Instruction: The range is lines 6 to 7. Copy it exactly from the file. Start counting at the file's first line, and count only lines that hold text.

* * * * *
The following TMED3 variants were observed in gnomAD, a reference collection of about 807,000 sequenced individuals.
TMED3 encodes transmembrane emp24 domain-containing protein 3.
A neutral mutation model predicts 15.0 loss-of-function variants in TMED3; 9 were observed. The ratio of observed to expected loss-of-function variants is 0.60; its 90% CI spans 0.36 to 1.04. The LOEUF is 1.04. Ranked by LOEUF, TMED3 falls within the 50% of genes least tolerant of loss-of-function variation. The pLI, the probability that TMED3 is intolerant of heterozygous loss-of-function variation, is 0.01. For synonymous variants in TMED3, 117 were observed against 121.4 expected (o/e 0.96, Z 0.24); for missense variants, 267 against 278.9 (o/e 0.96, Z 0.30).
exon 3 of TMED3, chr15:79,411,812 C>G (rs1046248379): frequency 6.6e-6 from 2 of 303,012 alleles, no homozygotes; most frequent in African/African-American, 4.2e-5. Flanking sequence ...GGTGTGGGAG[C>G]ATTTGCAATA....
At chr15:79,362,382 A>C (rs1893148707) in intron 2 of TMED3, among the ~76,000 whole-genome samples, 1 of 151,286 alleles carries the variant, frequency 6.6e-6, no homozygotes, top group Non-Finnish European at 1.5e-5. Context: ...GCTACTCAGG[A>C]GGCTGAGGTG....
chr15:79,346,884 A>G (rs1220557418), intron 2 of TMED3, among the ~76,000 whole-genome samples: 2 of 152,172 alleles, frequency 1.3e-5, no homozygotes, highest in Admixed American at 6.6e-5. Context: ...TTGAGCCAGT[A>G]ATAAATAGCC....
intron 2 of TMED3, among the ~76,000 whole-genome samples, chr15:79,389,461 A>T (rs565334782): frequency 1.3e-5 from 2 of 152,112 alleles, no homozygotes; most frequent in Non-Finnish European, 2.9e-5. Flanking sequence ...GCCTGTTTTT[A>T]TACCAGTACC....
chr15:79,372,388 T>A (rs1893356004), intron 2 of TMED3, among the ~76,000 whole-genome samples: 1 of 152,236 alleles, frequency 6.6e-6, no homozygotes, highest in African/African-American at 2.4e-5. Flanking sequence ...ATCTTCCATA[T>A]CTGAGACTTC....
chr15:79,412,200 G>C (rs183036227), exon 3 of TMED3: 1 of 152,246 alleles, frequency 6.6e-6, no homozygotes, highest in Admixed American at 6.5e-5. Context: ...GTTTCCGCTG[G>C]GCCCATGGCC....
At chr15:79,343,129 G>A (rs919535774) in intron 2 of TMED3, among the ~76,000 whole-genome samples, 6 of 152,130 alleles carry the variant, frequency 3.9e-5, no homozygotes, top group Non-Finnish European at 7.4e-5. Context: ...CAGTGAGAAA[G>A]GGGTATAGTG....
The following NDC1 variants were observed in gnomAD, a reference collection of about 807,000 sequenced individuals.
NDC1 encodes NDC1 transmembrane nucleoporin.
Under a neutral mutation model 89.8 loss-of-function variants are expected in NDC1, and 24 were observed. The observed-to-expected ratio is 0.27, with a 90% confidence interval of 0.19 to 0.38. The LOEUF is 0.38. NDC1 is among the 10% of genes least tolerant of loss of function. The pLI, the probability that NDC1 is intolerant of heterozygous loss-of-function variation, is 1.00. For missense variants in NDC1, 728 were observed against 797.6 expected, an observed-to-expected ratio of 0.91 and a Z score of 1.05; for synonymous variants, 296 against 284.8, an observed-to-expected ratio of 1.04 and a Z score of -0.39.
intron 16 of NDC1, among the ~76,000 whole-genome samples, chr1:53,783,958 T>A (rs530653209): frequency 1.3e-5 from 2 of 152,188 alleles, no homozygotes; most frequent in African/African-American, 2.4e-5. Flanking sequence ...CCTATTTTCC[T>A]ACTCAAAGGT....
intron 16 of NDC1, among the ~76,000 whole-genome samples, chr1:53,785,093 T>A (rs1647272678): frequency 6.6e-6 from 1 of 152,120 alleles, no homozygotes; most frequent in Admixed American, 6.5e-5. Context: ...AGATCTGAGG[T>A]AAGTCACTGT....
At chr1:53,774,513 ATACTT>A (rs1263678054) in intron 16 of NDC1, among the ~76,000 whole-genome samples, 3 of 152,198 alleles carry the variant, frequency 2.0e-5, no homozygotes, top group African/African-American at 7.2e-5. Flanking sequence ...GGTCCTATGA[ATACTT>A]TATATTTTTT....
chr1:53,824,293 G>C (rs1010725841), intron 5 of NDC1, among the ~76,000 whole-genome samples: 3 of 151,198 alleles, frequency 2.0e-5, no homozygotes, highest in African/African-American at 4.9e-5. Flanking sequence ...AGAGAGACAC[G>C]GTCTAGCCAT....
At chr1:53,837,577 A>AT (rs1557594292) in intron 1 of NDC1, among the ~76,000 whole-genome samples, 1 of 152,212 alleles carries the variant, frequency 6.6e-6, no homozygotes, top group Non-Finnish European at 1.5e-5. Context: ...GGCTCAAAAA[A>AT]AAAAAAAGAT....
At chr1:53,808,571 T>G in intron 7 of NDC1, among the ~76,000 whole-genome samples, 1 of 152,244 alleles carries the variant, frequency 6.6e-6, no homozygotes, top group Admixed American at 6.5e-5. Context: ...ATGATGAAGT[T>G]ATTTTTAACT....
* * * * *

chr15:79,346,884 A>G (rs1220557418), intron 2 of TMED3, among the ~76,000 whole-genome samples: 2 of 152,172 alleles, frequency 1.3e-5, no homozygotes, highest in Admixed American at 6.6e-5. Context: ...TTGAGCCAGT[A>G]ATAAATAGCC....
intron 2 of TMED3, among the ~76,000 whole-genome samples, chr15:79,389,461 A>T (rs565334782): frequency 1.3e-5 from 2 of 152,112 alleles, no homozygotes; most frequent in Non-Finnish European, 2.9e-5. Flanking sequence ...GCCTGTTTTT[A>T]TACCAGTACC....